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24
GREEN
FIELD
PICKING BEST-OF-THE-BUNCH
ORGANIC BRANDS
The organic market is one of the most fertile in today’s food
industry. In fact, sales of organic products are expected to grow
14% annually from 2013 to 2018.1
So it’s no surprise that food and beverage industry insiders are
looking to harvest the next crop of mega organic brands. General
Mills wants to grow its organics business to $1 billion by 2020.2
Walmart is introducing a massive line of organic SKUs under the
brand name Wild Oats. Van’s Natural Foods was just acquired by
Hillshire Brands for roughly three times its annual revenues.3
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But, for all the excitement, only some
organic categories have the potential to
achieve substantial scale and growth. How
can would-be investors tell which organic
categories and brands are ready to go
mainstream?
The answer starts with dividing organics
consumers into two groups: core and casual
consumers, as illustrated in Exhibit 1. While
core consumers are committed to the organic
category, casual users are motivated by the
aspirational benefits of the organic category
—health, freshness and feel-good factors—
for only some products and occasions.
Organic brands with the most growth
potential address the needs of the casual
organics consumer to appeal to the broadest
possible consumer base across three key
drivers: category dynamics, price premium
and brand equity.
EXHIBIT 1: Big opportunity: targeting casual organic consumers.
ORGANIC FOOD PENETRATION
CORE ORGANIC PURCHASERS
10%
I never buy organic food
3%
I almost exclusively buy organic food
16%
I often buy organic food
30%
I rarely buy organic food
CASUAL ORGANIC PURCHASERS
41%
I sometimes buy organic food
Source: Kurt Salmon research
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The most attractive organic growth categories will be
those that have built the capacity to serve mainstream
demand, narrowing the cost penalty for organic producers.
Category Dynamics
Consumer interest in organics varies by
category, as illustrated in Exhibit 2. In
certain categories, organic penetration is
high even when the price premium is high—
the organic growth sweet spot. Categories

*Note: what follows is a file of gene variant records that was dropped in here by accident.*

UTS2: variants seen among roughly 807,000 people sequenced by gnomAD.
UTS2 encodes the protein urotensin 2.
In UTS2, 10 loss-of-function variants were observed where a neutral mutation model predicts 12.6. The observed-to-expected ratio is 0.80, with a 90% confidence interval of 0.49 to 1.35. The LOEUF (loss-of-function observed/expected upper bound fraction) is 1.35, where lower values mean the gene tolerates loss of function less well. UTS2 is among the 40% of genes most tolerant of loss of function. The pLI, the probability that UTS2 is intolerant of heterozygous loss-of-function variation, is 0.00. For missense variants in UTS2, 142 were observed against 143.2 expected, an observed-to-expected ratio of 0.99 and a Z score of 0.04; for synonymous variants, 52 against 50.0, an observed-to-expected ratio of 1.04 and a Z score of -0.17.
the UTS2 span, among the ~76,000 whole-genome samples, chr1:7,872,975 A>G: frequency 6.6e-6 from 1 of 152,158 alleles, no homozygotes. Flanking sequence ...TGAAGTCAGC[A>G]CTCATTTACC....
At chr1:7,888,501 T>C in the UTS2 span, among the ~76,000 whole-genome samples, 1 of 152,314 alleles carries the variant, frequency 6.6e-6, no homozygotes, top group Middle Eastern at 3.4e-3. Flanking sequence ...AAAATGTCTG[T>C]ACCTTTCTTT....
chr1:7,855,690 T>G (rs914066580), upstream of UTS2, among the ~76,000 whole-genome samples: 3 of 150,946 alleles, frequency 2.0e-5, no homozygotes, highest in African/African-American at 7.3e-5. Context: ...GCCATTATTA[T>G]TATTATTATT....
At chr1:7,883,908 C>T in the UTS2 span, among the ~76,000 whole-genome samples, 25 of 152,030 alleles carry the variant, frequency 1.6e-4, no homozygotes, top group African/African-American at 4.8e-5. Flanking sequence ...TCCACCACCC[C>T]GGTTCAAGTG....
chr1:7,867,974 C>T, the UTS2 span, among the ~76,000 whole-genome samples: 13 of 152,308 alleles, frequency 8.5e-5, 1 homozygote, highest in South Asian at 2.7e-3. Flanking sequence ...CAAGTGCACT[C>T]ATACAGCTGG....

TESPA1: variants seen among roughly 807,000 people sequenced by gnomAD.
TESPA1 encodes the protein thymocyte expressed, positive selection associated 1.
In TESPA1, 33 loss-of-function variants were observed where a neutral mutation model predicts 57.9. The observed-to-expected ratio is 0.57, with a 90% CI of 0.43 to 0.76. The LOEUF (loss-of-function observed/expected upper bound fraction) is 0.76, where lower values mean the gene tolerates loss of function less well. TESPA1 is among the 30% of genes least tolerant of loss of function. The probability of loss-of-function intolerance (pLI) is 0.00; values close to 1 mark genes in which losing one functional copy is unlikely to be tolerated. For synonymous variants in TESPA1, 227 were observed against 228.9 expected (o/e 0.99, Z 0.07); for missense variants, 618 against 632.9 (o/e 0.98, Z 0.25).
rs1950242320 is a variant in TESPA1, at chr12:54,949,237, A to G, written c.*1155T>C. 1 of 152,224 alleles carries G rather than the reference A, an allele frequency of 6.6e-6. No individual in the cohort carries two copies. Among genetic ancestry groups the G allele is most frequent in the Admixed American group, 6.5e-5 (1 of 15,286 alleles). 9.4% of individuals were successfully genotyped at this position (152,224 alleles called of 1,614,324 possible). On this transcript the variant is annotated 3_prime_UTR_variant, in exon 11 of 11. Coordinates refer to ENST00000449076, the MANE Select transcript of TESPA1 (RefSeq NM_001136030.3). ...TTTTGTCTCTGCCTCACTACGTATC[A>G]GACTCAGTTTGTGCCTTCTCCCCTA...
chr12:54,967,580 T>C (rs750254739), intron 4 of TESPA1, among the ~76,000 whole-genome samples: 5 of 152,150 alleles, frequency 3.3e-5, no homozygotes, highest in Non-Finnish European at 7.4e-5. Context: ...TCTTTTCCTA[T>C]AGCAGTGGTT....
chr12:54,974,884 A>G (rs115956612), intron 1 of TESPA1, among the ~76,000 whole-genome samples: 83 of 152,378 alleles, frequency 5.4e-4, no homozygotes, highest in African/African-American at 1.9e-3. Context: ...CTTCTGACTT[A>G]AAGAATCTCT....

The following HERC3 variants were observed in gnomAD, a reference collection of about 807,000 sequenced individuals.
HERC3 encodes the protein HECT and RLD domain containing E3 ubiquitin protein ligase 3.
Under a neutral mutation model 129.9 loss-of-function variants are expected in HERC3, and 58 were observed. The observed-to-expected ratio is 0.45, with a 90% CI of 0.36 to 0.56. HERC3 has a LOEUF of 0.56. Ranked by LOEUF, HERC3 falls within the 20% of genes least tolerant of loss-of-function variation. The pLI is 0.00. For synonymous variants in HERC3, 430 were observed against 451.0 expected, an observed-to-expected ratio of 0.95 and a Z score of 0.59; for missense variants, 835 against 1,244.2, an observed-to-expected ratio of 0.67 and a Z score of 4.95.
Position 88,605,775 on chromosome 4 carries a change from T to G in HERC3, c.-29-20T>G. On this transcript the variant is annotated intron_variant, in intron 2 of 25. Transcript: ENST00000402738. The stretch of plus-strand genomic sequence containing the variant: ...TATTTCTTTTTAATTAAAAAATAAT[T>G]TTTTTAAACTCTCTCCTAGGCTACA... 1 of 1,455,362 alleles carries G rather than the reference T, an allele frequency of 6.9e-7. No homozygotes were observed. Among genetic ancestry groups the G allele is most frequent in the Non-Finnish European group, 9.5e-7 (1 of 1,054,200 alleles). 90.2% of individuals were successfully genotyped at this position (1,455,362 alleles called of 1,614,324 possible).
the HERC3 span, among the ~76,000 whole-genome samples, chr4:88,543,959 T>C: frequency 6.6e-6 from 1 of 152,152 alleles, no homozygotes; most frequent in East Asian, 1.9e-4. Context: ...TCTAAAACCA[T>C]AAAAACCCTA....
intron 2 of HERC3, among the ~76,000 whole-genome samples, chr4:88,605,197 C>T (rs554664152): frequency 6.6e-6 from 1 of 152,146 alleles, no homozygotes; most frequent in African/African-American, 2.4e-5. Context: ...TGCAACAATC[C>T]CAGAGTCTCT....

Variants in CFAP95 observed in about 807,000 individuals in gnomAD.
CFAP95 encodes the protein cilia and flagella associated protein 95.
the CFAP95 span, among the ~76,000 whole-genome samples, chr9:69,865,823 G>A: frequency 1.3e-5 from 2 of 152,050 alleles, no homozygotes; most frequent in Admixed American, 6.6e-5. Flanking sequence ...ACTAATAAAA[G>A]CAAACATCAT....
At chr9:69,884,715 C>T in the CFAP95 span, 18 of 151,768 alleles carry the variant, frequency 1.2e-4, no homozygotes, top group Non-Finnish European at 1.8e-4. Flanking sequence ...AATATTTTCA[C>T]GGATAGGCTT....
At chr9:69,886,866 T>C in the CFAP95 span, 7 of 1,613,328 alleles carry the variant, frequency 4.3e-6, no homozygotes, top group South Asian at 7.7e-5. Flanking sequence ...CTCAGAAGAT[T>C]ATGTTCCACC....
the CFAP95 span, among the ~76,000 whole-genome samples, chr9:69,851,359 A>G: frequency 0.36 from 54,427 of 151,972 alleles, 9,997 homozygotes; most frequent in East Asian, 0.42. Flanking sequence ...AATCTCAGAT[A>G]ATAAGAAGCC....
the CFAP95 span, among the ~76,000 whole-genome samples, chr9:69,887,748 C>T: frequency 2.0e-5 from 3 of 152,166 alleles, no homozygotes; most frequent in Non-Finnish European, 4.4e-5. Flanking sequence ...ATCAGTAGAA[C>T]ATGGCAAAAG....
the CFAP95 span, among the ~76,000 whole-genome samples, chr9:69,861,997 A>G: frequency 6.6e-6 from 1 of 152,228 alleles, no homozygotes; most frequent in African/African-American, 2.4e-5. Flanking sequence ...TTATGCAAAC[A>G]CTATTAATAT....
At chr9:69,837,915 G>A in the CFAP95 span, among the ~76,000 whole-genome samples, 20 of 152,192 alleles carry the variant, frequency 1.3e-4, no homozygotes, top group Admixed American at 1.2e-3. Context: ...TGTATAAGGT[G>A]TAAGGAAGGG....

heavily used by children have high organic
penetration, since families will spend to
protect their children and pets. In fact, 43%
of respondents to a recent Kurt Salmon
consumer survey said they plan to increase
spending on organic pet food.
Consumers are also more concerned about
organics in categories that are eaten raw in
large volumes, like fruits and vegetables. In
contrast, organics are less important when
taste trumps health—think categories like
ice cream and beverages—or when organics’
benefits are perceived to be less meaningful,
such as in canned foods and condiments.
Price Premium
Bringing organics into mainstream distribution works best at a reasonable price
premium. Core users are committed to
using organics wherever possible and are
comparatively insensitive to price premiums in most organic categories, but they are
only a minority of the population—about
19% of households, according to a Kurt
Salmon survey.
The much larger pool of casual consumers,
on the other hand, is often dissuaded from
choosing organic because of price. In fact, a
Kurt Salmon survey shows that 65% of
consumers cite high prices as the primary
barrier to purchasing more organic food.
Casual core consumers are willing to pay just
10% more for organic vs. the 23% premium
core consumers are willing to fork over.
As illustrated in Exhibit 3, the lower the
price premium, the more organics gain
share, primarily from increased utilization
from casual users.
That being said, it is unwise to bet on
narrowing price premiums over time in an
industry highly dependent on supply costs
and constraints. The most attractive organic
growth categories will be those that have
built the capacity to serve mainstream
demand, narrowing the cost penalty for
organic producers.
Brand Equity
Many organic brands have surprisingly
little brand equity when compared to their
non-organic competitors, despite high
27
EXHIBIT 2: Consumers reach for organic more often in raw, kid-focused categories.